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stood to mean, a larger salary, or a more popular station. This, we very naturally consider, as a plain indication of Divine Providence, that our usefulness inust be greatly increased by a removal. For, who could not do more good with a large salary, in a populous place, than in an obscure country parish, with a mere pittance?We are not at all disposed, like the disciples of old, to go without purse or scrip; for it must be evident, that any man, who is inclined, can do more good with money than without. If we are without "purse" and "scrip," how can we build great houses, and line them with carpets, and furnish them with elegant sofas, and sideboards, and piano-fortes? We do not suppose, that James, and Peter, and their fellow apostles had their houses furnished in this style; but they lived in old times, and, of course, are no pattern for us. Besides, it is sometimes necessary for us to take agencies, with a thousand dollars stipend, that we may go about the country, and beg for the poor benighted heathen, and that the wants of the West, and of our destitute churches at home may be supplied. This we like very much. We would much rather beg for the heathen, than go and preach to them; inasmuch as we can travel at our ease, see the country, give directions to the churches how they shall dispense their charities, urge the duty of retrenchment, while our golden seals and keys are glittering to the eye of every observer, and spread our fame far and wide, as prodigies of benevolent exertion, while we promptly receive a liberal pay for all our operations. As for the old prophets and apostles, who were such fools, as to wander about in sheep-skins and goat-skins, in mountains, and dens, and caves of the earth, they had the right to do as they pleased; but their benevolence will never apply to the dignitaries of the church, in the nineteenth century. We mean to make the preaching of the gospel, and the spread of the gospel, a popular thing, and not to be obliged to meet with opposition at every step, as did Paul, and the other apostles. Mankind are making improvement in every thing else. They are having their steam-boats, and their canals, and their rail-roads, and almost every other invention, to facilitate their worldly operations. Why then, should not we make improvements in preaching and propagating the gospel?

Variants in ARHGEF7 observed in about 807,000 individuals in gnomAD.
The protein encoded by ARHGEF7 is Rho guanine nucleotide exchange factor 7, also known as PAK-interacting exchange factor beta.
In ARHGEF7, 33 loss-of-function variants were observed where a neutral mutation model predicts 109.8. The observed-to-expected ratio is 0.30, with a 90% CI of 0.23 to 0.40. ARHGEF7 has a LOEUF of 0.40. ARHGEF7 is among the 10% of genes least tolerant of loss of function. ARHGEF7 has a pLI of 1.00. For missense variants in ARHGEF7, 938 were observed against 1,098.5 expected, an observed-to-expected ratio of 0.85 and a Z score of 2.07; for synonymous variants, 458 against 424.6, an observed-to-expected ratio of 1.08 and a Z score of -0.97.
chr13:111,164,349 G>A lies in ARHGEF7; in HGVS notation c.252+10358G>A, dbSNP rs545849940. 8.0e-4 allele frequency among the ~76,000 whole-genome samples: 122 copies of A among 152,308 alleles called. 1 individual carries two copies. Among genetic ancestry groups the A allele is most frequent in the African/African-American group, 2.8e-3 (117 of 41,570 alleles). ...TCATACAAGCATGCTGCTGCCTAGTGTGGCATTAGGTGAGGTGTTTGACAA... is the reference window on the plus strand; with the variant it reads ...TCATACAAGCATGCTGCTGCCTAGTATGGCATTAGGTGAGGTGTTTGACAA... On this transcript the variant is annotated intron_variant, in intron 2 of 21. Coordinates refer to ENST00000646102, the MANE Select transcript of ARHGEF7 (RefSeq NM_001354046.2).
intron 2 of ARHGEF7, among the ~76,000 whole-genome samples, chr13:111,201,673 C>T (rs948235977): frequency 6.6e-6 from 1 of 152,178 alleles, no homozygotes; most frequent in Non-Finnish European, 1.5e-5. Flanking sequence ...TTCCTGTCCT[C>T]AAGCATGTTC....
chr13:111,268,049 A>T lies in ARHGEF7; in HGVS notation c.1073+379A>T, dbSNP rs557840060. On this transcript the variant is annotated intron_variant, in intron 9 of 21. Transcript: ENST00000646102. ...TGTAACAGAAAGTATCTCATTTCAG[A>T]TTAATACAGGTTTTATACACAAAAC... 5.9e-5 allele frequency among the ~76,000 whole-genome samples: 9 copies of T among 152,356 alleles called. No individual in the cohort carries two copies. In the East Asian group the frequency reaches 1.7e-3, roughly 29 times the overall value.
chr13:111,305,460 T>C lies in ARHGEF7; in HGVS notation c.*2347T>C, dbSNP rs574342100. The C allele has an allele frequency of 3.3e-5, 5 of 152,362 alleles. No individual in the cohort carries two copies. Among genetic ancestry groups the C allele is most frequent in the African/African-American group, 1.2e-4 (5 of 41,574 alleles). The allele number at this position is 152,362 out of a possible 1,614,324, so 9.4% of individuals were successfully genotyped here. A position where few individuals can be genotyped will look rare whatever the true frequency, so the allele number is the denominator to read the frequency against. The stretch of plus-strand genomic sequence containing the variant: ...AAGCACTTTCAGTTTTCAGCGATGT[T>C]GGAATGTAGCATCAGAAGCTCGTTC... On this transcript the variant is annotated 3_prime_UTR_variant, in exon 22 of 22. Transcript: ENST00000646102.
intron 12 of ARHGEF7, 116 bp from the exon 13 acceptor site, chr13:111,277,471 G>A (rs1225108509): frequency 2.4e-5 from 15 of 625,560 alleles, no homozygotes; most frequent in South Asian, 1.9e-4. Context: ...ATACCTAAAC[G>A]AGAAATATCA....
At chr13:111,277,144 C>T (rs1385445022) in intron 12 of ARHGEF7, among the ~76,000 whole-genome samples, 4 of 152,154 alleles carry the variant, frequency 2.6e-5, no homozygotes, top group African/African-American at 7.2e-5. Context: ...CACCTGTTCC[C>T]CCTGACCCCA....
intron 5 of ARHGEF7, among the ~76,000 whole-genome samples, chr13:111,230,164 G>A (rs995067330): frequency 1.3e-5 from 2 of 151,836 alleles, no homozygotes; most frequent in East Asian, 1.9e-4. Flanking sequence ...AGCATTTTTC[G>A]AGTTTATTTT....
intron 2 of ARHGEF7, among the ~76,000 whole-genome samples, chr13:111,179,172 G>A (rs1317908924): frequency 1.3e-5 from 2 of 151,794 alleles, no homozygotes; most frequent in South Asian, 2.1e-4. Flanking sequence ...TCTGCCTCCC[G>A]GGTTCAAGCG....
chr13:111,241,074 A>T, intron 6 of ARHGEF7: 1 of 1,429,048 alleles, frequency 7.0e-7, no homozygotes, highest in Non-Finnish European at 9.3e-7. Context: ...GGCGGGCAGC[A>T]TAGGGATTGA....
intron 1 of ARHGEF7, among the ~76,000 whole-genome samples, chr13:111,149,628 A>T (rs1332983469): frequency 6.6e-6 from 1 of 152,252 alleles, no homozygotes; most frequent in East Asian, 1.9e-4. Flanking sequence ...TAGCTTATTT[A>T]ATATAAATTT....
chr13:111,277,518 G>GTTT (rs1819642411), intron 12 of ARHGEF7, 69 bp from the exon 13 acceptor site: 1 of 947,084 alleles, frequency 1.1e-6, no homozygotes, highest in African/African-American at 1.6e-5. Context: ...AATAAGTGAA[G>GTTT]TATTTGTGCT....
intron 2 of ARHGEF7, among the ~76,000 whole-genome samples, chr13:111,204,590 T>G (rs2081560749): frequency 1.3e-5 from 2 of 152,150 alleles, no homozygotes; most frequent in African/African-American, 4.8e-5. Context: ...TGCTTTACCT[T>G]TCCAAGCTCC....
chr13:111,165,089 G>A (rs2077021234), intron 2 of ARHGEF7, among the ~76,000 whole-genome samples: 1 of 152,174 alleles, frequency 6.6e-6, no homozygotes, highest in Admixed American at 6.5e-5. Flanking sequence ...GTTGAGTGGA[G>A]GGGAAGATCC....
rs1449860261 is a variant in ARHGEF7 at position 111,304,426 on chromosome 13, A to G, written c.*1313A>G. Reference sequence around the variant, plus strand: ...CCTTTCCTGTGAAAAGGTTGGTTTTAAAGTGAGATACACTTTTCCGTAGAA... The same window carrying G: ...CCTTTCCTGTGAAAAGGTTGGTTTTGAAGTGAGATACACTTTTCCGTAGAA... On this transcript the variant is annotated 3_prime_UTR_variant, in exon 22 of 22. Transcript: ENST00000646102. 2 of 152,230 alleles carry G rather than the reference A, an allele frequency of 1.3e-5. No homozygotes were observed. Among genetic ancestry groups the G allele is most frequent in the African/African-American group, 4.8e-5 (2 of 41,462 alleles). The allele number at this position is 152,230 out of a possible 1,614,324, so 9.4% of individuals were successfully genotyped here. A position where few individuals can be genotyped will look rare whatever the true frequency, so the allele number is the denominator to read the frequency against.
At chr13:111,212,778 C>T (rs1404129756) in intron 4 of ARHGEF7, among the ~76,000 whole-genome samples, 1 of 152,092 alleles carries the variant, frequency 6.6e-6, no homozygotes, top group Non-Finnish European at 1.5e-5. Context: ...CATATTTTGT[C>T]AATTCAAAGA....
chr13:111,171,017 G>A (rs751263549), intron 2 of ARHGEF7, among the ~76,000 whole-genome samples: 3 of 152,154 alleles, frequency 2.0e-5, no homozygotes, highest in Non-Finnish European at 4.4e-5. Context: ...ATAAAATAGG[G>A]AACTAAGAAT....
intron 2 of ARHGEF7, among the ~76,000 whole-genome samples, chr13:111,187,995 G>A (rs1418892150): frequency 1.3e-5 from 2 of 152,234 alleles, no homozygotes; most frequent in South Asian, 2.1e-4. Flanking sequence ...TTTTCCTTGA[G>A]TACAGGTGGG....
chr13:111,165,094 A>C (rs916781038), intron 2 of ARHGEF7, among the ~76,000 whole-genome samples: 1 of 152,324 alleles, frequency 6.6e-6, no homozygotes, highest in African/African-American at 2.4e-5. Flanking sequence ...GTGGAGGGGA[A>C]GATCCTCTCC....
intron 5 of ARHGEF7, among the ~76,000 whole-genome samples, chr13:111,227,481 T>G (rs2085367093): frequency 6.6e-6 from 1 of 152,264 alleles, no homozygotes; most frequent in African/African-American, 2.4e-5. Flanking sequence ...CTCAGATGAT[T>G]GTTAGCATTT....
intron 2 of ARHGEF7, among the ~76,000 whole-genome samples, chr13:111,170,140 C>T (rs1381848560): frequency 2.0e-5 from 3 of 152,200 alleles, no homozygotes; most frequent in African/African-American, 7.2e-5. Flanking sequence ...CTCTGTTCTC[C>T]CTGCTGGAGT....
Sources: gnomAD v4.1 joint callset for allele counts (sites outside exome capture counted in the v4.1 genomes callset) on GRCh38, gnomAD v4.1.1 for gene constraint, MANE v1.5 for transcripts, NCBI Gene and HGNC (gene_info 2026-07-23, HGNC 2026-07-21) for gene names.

These notions in our heads, we have no fellowship or sympathy for those old fashioned ministers, who endeavor to pattern after Paul, and the other apostles, in preaching the gospel. Paul was too much of a Hopkinsian to suit the genius and improvements of the present age. Some of us, in preaching, would think it no more prudent, to quote "Paul's wish," as expressed in the ninth chapter of Romans, and leave it, as the apostle did, to mean what is literally expressed, without note or comment, than we should to assert, in so many words, that "the sinner ought to be willing to be damned." Indeed, some parts of Paul's epistle to the Romans, Corinthians and Ephesians, have cost our commentators more labor and trouble, and perplexity, to explain them-away, than almost the whole Bible beside. Paul represented the fundamental duc